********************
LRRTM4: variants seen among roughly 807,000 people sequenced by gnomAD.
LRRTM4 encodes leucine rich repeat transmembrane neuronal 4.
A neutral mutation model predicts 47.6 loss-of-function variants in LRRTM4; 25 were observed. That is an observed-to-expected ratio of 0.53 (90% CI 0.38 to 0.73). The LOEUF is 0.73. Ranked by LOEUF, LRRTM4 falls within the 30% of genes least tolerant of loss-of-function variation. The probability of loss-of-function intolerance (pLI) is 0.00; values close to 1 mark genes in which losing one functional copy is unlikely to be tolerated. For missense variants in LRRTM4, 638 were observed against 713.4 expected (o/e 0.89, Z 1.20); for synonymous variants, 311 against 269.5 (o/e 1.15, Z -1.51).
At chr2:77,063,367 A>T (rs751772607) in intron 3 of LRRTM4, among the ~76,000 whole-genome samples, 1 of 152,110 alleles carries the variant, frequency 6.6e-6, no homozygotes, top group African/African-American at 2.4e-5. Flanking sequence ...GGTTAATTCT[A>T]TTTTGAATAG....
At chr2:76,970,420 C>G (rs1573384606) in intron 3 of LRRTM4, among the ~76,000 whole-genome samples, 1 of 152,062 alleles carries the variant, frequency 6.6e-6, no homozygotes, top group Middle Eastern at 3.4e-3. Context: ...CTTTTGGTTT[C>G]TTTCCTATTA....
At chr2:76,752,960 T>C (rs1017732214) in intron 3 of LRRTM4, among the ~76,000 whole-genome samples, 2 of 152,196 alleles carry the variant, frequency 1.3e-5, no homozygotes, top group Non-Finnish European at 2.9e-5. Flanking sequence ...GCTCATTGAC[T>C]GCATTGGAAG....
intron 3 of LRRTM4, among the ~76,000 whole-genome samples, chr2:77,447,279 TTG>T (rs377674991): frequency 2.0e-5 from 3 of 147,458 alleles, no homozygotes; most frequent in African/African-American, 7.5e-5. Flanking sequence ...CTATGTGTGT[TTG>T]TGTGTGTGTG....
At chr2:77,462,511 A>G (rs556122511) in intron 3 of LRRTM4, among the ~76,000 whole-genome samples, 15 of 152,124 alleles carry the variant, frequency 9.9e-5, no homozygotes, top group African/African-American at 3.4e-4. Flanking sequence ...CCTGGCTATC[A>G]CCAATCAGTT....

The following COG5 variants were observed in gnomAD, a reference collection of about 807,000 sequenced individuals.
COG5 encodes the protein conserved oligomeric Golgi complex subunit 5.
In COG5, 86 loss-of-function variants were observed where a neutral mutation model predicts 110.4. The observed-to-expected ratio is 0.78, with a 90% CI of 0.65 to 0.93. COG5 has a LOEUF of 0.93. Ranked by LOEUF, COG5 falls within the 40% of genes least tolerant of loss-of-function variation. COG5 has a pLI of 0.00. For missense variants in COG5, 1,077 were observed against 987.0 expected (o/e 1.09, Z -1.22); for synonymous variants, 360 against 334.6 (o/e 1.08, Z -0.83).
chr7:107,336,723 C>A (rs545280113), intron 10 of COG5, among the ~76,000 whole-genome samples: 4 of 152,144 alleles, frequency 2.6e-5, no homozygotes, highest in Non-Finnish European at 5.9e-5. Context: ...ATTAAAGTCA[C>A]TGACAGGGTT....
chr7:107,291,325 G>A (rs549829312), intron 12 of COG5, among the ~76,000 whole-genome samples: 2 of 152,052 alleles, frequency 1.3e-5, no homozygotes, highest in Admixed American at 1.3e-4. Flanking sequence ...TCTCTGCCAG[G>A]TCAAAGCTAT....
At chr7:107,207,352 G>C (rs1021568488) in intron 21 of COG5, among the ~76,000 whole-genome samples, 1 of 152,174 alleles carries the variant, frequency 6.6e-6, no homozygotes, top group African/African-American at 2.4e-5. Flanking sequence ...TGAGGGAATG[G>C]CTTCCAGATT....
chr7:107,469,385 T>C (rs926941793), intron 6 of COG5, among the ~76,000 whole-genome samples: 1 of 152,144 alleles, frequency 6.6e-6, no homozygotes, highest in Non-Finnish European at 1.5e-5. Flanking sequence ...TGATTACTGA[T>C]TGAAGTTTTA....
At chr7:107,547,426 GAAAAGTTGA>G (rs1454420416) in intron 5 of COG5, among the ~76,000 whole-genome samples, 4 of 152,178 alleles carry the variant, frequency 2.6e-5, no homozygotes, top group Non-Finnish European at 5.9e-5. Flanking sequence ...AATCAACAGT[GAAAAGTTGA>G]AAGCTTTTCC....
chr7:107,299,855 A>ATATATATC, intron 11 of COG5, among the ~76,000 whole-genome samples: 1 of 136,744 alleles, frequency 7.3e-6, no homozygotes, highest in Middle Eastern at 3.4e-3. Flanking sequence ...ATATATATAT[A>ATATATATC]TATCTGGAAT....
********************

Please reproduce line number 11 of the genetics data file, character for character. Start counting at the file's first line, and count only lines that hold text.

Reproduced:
In COG5, 86 loss-of-function variants were observed where a neutral mutation model predicts 110.4. The observed-to-expected ratio is 0.78, with a 90% CI of 0.65 to 0.93. COG5 has a LOEUF of 0.93. Ranked by LOEUF, COG5 falls within the 40% of genes least tolerant of loss-of-function variation. COG5 has a pLI of 0.00. For missense variants in COG5, 1,077 were observed against 987.0 expected (o/e 1.09, Z -1.22); for synonymous variants, 360 against 334.6 (o/e 1.08, Z -0.83).